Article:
This post is for those who are new(ish) to ringing. I’m assuming that you have got as far as at least attempting Plain Hunt and you are wishing to move on from there. In a music analogy, you have learnt to play a scale, and you want to learn a tune.
In many towers, you aren’t really told about the progression through the stages. You are loyal to your tower and are grateful for the opportunities that the tower captain and band can offer you. This dutiful approach no longer fits in with modern expectations. Most ringers want and need to make rapid progression: this will mean that you must study away from the tower so that you can make the most of the limited opportunities that present themselves (or that you can make for yourself).
Fortunately there are many good books on the subject and here I will discuss the books that I personally find most useful. I would start by recommending Steve Coleman’s ‘Ringing Companion’ series of books. These are written in very modest, human language, recognising the worries that confront all ringers. Some people might find the style a bit too chatty, but make no mistake, he understands, confronts and advises on overcoming the difficulties that all ringers face. He is clearly a wise and clever man. The only downside is that his books are meant for learning, and are not so handy as a quick reference guide.
You will need that when in the tower, and a lot of people find the ‘Ringing Circles’ book useful for that. It has the blue line for many methods that are regarded as the bread-and-butter of ringing, and which offer a stepping-stone to more advanced methods. But it only has a minimum of explanation and no real advice on how to overcome difficulties. In other words, you need someone to explain it to you first.
‘The Ringers Handbook’ explains in considerable detail how to ring the ‘standard methods’ of Plain Bob, Grandsire, Stedman and Kent Treble Bob. I learnt these methods from this book and I would still recommend it, even though its language seemed old-fashioned to me fifty years ago. The main problem is that it doesn’t deal with the difficulties that learners encounter, especially developing ‘ropesight’.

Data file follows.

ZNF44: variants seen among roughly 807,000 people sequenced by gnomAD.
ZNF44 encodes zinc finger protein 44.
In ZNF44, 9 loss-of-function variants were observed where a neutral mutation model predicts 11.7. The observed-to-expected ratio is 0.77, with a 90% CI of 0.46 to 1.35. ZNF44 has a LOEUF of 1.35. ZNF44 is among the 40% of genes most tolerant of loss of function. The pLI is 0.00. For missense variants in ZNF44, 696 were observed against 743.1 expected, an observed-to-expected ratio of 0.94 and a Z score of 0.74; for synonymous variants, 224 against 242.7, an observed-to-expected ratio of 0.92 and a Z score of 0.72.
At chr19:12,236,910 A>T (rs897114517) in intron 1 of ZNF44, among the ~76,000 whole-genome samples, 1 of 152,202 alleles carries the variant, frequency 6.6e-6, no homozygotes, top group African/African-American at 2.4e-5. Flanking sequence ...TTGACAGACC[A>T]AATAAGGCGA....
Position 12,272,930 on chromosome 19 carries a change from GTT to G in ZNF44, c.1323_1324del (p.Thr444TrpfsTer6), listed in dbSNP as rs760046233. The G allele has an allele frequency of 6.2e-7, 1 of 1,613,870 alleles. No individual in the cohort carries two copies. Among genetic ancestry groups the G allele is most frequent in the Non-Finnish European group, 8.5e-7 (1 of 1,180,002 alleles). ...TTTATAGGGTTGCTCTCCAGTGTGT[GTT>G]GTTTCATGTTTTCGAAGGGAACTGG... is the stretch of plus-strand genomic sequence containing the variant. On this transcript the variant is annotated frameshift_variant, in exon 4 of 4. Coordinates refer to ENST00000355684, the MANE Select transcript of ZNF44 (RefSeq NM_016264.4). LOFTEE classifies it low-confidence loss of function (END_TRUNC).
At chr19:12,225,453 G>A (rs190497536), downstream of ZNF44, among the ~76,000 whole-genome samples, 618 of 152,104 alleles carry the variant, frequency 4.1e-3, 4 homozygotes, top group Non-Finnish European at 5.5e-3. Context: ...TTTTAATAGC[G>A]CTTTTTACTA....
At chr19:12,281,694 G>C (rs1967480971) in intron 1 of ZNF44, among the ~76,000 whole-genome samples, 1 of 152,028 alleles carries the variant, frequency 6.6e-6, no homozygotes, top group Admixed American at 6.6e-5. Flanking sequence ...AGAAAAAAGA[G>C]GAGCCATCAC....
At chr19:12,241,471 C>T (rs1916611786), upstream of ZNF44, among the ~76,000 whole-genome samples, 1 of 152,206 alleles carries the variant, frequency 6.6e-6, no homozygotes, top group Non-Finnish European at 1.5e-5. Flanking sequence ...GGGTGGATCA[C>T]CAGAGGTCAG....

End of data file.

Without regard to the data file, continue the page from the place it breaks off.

Ropesight is the ability to see (a) the order in which the ropes are falling; and (b) your own position within this order. You can ring the very basic methods of plain hunt and perhaps Plain Bob Doubles or maybe Grandsire Doubles without ropesight, but once you get into touches with Bobs or Singles, you will be completely lost at sea.
‘Ringing Circles’ does contain simple methods useful for developing ropesight, but doesn’t explain what they are for: your tutor has to do that.
The ‘Ringing World Diary’ is a diary with well over 100 pages of methods, touches and helpful advice. Every year, they try to add something new – such as more methods or new ideas for learning progression. However, it contains very little explanation and I, as a long-established ringer, find some of it rather inaccessible. Nevertheless, it is very handy for reminding yourself of the blue line of a method that you haven’t rung for a long time or indeed to suggest new methods to try. However, I find it almost useless for looking up touches to call immediately as they are set out in such a compressed notation that it takes time to unravel them into something callable – unless of course you are a very experienced conductor who wants a quick reminder.
If it is just the ‘blue line’ that you want, then there are a number of smartphone apps which have a huge library of methods. Two of them are ‘Methodology’ and ‘Iagrams’. For myself, I find these hard to read and cumbersome to learn from, although that may be down to my less than youthful brain. Certainly they do not have any explanation and I would not recommend them to new ringers.
There are dozens of other good books, but armed with the first few mentioned and a good tutor, you will be off to an excellent start. You will need to read, re-read, practice and practice again. Anyone who things that ringing is easy is either Einstein or deluding themselves!